Almost every week, I hear of another print publication folding under the immense pressure of the economic pinch. The Rocky Mountain News of Denver and the Seattle Post-Intelligencer just went out of business completely. The Chicago Tribune, LA Times, and Philadelphia Inquirer have all requested bankruptcy protection. Christian Science Monitor, PC Magazine, and several others are moving to online-only publication. Even iconic publications like Rolling Stone are making major cuts. So is it too late for print media? Can magazines and newspapers weather the storm of declining ad revenues and decreased newsstand sales?
Newspapers have taken the biggest hit, by far. The problem, according to NPR’s recent story, “Chronicling the Death of American Newspapers“, is this:
“Swiftly moving competition from emerging Web sites has hastened the downfall of newspapers. As more people turn to the Internet for news — even, ironically, to the newspapers’ own Web sites — fewer subscribe to news printed on paper. As circulation dwindles, so does advertising revenue. And without the same amount of advertising revenue, newspapers can no longer afford large, comprehensive, news-gathering operations. So the newspaper shrinks, attracting fewer readers, leading to a decline in advertising revenue, and the death spiral continues.
Newspapers have tried, with varying degrees of success, to migrate to the Web and hold on to their readers. But the advertising revenue is dramatically less than it was for the print version. (Many advertisers have their own economic problems to solve.) Consequently, newsrooms are having to contract — through buyouts, layoffs, combining or closing certain sections and even shutting down the presses altogether. There seems to be a general consensus that the kind of print and photographic journalism supported by large newsrooms and substantial resources is teetering on extinction.”
Even worse, the publications that seem to be thriving in this economic atmosphere, have nothing to do with investigative journalism or memorable imagery. The New York Times has a greattracker for comparing the difference in advertising revenues for major publications during the past 3 years. Interestingly (and rather disturbingly), most tabloid publications recorded significant increases in revenue, like inTouch, who increased advertising by 68% from 2005 to 2008. In contrast, magazines like Newsweek, Businessweek, New Yorker and Time took big hits in ad sales. But the big winner? TV Guide, whose ad sales increased in volume by a whopping 458% over the same three-year period. Americans love their televisions.
Many print publications have been able to stay afloat, just barely, by developing robust online content. So far, it has been nearly impossible to gain the same level of advertising revenue from online publications as from print editions. But the idea of bolstering missing advertising revenue by charging readers to view content online doesn’t seem a likely scenario. Experts agree that consumers simply won’t pay for news content online. People want their news for free. Period. And the internet is more than willing to oblige; with blogs, free news sites and even syndicated news sites, consumers have all the news they need at their fingertips.Despite the floundering newspapers, ironically, the demand for news has never been higher. Web traffic to newspaper websites was up 12% in 2008. MSNBC saw 45 million unique visitors in January 2009. People seem to reconize the value of quality newsgathering, but are unwilling to pay to access it. Smart newspaper publishers should recognize that the end of print news is near, and should invest time and money in developing their online presence to shift to an online advertising-only revenue model. If they accomplish that, they might be able to survive.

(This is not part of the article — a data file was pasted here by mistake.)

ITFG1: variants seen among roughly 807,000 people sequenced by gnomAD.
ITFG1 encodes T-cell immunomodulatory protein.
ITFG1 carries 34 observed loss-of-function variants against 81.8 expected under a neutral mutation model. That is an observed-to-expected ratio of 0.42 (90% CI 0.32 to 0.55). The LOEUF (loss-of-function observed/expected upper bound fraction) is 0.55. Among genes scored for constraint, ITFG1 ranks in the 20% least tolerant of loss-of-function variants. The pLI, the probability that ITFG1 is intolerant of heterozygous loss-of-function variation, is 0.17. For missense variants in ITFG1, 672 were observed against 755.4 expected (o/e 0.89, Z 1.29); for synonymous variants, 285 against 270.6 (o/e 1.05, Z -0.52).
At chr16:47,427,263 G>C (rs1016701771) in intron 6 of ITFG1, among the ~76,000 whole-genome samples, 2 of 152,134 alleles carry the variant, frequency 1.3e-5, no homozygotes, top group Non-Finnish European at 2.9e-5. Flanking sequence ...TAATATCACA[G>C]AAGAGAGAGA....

As for consumer magazines, the weaker ones are rapidly being culled. But these special-interest publications are much more resilient than their newsprint brethren. Why? Two reasons. First, because they generally carve out a specific niche for themselves, instead of covering a wide array of subjects relevant to the general public. In contrast, every newspaper in the country covers the same major national news stories, giving newspapers a massive redundancy factor. The second advantage of magazines is that while they may publish time-sensitive information, the shelf life of that information is much longer than the average news story. Newspapers can’t compete with constant online updates – by the time a printed paper hits the newsstands, it is already 6 hours old (eons in news-time).
The morals of this evolving obituary? What does print media need to do to survive? My advice:
1. Develop a dynamic and interactive web presence. The Internet is not going away. It is here to stay, and it will bury print media inthe near future. For publications to survive, they must embrace web content, not fight it.
2. Carve out a niche. Even newspapers can capitalize on niche reporting. Downsize your print edition and localize. The one thing that the consumer cannot find easily online is in-depth local news. Leave the redundant national news stories to the big guys, and focus on developing hard-hitting stories within the community. They’re out there – go find them.
3. Increase your shelf life. Focus on stories that are relevant for days or weeks or even months after you report on them.
As for me… I’m going to cross my fingers that magazines and newspapers can and will survive in one form or another. After all, they write my paychecks.